Piñon Pine (Pinus edulis) Responses of Annual Growth to Water Availability in a Pinyon-Juniper Forest at the Sevilleta National Wildlife Refuge, New Mexico



Increased incidence of large-scale forest die-off attributed to drought has been observed globally over the past decade, raising concern about the future stability of forests as carbon sinks.  To understand the mechanistic basis of semi-arid woodland responses to drought, we measured annual increment growth from branches of Pinus edulis in a rainfall manipulation experiment at the Sevilleta National Wildlife Refuge and LTER site in central New Mexico, USA. We collected 4 branches from each of five trees growing in drought, irrigation, cover control, and ambient control plots at a site in the Los Pinos Mountains.  We measured annual branch elongation, stem diameter, sapwood area, and leaf area.  We compared these structural data to fluctuations in annual precipitation across treatments to understand how such variation in available water influence branch growth.  Rainfall manipulation produced clear differences among treatment groups, with drought trees exhibiting shorter stem lengths, decreased stem and sapwood diameters, and decreased leaf area production than control treatments.  Irrigated trees displayed increased stem length, stem diameter, sapwood diameter, and leaf area production relative to ambient controls.  The net effect of these responses is a likely shift in the allometric relationships, such as hydroactive xylem and absorbing root area.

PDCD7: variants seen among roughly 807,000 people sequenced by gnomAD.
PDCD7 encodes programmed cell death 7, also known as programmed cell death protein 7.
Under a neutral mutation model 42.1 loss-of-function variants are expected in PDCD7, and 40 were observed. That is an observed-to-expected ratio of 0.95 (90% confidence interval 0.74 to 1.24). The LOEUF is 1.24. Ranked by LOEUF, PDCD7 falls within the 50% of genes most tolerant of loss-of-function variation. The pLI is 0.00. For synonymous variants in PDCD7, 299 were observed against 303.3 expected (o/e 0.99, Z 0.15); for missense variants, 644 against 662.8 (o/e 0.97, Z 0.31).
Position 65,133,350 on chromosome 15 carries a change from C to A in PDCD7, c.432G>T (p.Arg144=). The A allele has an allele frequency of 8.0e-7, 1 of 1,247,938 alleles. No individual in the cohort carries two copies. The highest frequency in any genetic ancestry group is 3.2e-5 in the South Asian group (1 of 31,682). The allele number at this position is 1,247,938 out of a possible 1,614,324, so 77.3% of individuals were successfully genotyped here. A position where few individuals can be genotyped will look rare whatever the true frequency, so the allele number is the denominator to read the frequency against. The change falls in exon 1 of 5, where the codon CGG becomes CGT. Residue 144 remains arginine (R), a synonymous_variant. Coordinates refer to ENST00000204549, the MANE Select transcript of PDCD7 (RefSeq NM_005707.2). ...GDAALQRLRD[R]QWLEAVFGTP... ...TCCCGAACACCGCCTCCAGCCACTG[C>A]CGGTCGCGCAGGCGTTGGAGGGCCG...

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Wednesday, January 4, 2012



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Data Manager


Field Crew


Lab Crew